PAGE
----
I eat at the same diner every night I make it home past 9 pm – primarily because it’s the only one open. So imagine my surprise as I waltzed over to the cashier to pay the other day and they refused my credit card. The reason?
“Merchant fees are too high!”
This got me thinking. If retailers yelp at the idea of paying 1% over say competitive cards’ merchant fees, how on earth will we realistically look at the carrier business model of taking on average 50%? That’s not a typo either. Think about that for a second. You own a small book store. You sell a copy of Smart Mobs for $20. You automatically would give $10 to the credit card company that the book was purchased on for processing the transaction. Does that seem fair?
This was the question posed to the audience of last year’s iHollywood Forum by CEO of Billing Revolution, Andy Kleitsch. The response is pretty simple. Merchants will refuse mobile payments to cover “off deck” purchases for as long as carriers decide to charge the astronomical and unfair practices associated with processing.
So what’s the solution? Well besides an all out Coup d’état against on-deck mobile payments, premium SMS, etc., it’s going to take a company like Billing Revolution to not only provide a simple-to-adopt service for using your phone as a wallet, but to create enough advocacy amongst its audience to build the trust necessary for retailers to adopt the service as well.
And that’s not as easy as it seems. American Express, Visa, Discovery, Master Card – they spend hundreds of millions of dollars on building the very relationships needed for consumers (and subsequently the merchant) to feel completely secure in pulling their credit card from their wallet to pay for their purchases.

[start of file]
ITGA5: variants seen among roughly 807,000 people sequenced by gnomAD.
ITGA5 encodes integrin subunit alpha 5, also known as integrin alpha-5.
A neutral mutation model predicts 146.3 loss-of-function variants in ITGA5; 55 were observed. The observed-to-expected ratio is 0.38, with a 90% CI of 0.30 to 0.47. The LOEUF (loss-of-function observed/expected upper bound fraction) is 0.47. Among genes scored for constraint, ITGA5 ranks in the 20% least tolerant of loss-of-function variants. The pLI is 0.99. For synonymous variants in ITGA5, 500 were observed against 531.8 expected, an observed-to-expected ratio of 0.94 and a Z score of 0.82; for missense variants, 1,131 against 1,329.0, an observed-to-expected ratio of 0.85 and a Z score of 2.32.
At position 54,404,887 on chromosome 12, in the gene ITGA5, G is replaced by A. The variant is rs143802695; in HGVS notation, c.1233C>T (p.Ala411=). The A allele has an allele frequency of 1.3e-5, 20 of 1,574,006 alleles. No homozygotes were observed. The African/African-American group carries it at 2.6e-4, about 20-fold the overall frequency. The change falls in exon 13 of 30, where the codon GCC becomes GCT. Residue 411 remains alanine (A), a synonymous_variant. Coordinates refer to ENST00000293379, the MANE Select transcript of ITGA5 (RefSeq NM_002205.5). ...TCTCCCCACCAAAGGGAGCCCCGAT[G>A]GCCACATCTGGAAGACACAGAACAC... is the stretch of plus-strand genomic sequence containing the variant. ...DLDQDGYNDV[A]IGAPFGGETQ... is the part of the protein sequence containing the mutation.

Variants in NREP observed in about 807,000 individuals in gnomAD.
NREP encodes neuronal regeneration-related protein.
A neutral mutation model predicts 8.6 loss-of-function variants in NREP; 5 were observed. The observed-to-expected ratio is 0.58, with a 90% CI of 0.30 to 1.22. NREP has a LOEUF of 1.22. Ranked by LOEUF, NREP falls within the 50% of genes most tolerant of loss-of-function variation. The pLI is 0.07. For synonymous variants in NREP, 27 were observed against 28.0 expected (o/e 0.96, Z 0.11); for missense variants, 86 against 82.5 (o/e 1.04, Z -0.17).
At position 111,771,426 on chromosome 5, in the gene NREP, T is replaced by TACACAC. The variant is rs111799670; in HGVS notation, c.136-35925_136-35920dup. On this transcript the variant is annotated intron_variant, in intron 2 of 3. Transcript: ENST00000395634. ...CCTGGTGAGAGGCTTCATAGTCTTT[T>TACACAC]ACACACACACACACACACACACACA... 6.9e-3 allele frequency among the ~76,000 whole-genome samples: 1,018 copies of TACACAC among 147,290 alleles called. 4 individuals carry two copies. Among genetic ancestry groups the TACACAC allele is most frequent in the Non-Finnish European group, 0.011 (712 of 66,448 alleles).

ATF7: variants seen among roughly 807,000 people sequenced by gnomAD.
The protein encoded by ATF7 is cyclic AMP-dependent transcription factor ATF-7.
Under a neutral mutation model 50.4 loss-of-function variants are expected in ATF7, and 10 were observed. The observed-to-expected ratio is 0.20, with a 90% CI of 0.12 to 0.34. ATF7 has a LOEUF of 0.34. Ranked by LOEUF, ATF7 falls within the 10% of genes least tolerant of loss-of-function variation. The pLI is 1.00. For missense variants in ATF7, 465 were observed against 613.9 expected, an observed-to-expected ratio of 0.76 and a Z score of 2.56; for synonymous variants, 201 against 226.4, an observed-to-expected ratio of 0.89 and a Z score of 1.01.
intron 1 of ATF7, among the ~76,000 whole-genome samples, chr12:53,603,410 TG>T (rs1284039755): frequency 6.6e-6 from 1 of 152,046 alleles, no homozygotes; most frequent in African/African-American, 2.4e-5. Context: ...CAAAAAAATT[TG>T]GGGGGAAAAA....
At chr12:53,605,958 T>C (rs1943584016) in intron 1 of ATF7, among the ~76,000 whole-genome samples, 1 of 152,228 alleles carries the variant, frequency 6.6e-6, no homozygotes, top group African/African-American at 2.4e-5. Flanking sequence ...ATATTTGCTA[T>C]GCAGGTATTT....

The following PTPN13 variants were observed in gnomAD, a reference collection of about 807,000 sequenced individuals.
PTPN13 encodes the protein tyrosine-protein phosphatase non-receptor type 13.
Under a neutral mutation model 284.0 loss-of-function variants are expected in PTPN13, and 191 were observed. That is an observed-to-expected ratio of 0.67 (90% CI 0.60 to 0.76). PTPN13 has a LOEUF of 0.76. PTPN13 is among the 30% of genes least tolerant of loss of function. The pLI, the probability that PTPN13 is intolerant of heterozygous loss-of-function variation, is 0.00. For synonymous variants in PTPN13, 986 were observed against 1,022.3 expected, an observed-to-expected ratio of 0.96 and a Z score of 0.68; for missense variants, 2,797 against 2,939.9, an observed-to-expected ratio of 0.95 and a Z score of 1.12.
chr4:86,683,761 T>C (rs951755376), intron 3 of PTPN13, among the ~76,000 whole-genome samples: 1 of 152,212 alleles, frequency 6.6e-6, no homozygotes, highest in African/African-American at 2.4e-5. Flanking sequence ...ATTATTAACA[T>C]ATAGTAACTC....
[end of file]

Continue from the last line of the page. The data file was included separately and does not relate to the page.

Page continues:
I admire Andy’s resolve in fighting an uphill battle. Andy recently hired a friend of mine used to fighting similar battles in the mobile space so I know he’s in good hands. Ultimately however, I’m of the personal opinion that these billing infrastructure companies will need to go one of two routes to ensure success:
1. Private label their solution with a carrier for off-deck transactions. This is utopian since the carriers would end up losing 40% of their revenue by endorsing a company like Billing Revolution. The upside however is that with more aggressive merchant fees, they could compete against the established credit card companies for consumer spend, further evolving the carrier business model.
2. Partner with a credit card company for a fully integrated white labeled solution. To have the Visa or American Express logo on your phone is incredibly empowering. To have anything less, even a Paypal icon seems a difficult sell to the average consumer.
The mobile world is changing, which is the good news. We used to joke while at Simplewire that it’s only a matter of time before we could use our phones to purchase high-ticket items. I believe we’re one step closer to reality.